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If most people were atheist and knew it

 
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Boss Cat
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PostPosted: Tue May 07, 2013 7:06 pm    Post subject: If most people were atheist and knew it  Reply with quote

There iss a campaign to dissuade people from automatically ticking the CofE box on forms, and unless I've misunderstood this is something that irritates Shaker too.  Hhe wishes people wouldn't do it.

Actually as a practising member of the Church of England I get a bit fed up with it too, it actually means something when I tick that box.   I feel like putting 'proper CofE I go to church and everything' in brackets next to my tick

But - as I understand it - the campaign wants religious belief not to be falsely over-represented.  And perhaps campaigners want to be part of a growing, even unstoppable, movement.  

To be honest, whatever my own feelings about looking vapid and unthinking I  think people can identify how they want to.  Many of us are sometimes believers, sometimes not, some bits of us might be more than others.  I tick CofE in because that's how I want to be identified even  when I think it's all a load of rubbish.

Now I'm sure that Shaker won't mind me doing this, as I understand him it's the unthinking knee jerk tickers who seem to annoy him.  And I think  people are increasingly comfortable with ticking 'no religion'.  Atheist still seems a bit strong for some reason.  Having worked with offenders those who tick any religion at all are in a tiny, tiny minority, and normally they shake their heads and say 'no religion' and I tick that box.  Once when a guy vehemently stated 'I don't believe in any of that crap, it's all shit' I ticked atheist and someone senior to me changed that to 'no religion' for some reason.

But my question is this, and it's to atheists: what do you think would happen to atheism if it did become the unthinking tick box answer, instead of CofE?

I think it would make atheism less attractive for some.  It would become less associated with rebellion and free thought, and could suggest unthinking laziness sometimes.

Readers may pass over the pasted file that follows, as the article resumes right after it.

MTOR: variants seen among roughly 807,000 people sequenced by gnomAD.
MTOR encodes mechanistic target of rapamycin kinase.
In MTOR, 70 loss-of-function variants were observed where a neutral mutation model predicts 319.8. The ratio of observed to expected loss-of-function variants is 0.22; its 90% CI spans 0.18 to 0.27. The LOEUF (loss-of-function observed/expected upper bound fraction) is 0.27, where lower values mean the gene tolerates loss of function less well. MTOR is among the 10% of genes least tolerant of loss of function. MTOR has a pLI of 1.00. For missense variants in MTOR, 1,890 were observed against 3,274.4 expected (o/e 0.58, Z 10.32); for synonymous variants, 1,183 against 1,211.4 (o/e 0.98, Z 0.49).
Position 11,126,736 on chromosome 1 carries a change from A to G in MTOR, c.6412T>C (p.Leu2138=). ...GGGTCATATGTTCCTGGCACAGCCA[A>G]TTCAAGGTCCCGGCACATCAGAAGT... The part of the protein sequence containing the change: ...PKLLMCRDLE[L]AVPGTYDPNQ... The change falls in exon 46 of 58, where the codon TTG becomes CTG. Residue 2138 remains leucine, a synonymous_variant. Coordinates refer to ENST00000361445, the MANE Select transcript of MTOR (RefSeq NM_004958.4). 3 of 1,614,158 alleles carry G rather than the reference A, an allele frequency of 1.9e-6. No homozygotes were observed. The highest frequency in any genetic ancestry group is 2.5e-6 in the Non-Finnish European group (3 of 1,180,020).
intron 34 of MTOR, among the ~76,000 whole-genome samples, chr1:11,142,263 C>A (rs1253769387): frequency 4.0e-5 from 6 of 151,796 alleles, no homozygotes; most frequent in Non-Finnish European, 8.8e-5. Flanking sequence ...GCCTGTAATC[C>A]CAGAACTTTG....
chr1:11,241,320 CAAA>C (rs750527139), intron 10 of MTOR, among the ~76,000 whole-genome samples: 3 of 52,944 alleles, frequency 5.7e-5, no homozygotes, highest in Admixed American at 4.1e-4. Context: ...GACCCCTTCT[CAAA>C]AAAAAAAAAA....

Let me explain; much is made seemed to be more on the old BBC boards to be fair) about how atheists are more rational, more scientifically literate, even more intelligent than non believers.  Studies in the US among college students are often cited and (obviously if you think about it) the more intelligent the less religious.

And yet - now I think atheism is becoming the default option here and now.  Some research a couple of years ago showed that in Britain atheism was gaining numbers but belief was gaining quality.  Those converting to a religious faith tended to be better educated and of a higher social class than those converting to atheism.

If we automatically ticked atheist would religious discourse be for the more interesting and original thinkers?  

NB, I'm not even mentioning whether religion would die out because people would still have religious experiences, and they would still change people.
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cyberman
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PostPosted: Wed May 08, 2013 11:27 am    Post subject: Re: If most people were atheist and knew it Reply with quote

Boss Cat wrote:
 Having worked with offenders those who tick any religion at all are in a tiny, tiny minority, and normally they shake their heads and say 'no religion' and I tick that box.


That's interesting. Have studies been done about the proportion of offenders who have no religion?

And if citing a religion became the 'rebellious' option, as you posit, I wonder whether that would change?
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Boss Cat
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PostPosted: Wed May 08, 2013 11:43 am    Post subject: Reply with quote

Yes, there are Home Office figures but I remember they didn't bear out my own observations!  For me it was unusual to have someone tick a religion box, a few (generally older) C of E, the odd Catholic, one or two Buddhists, a few Muslims and a Jehovah's Witness once I remember.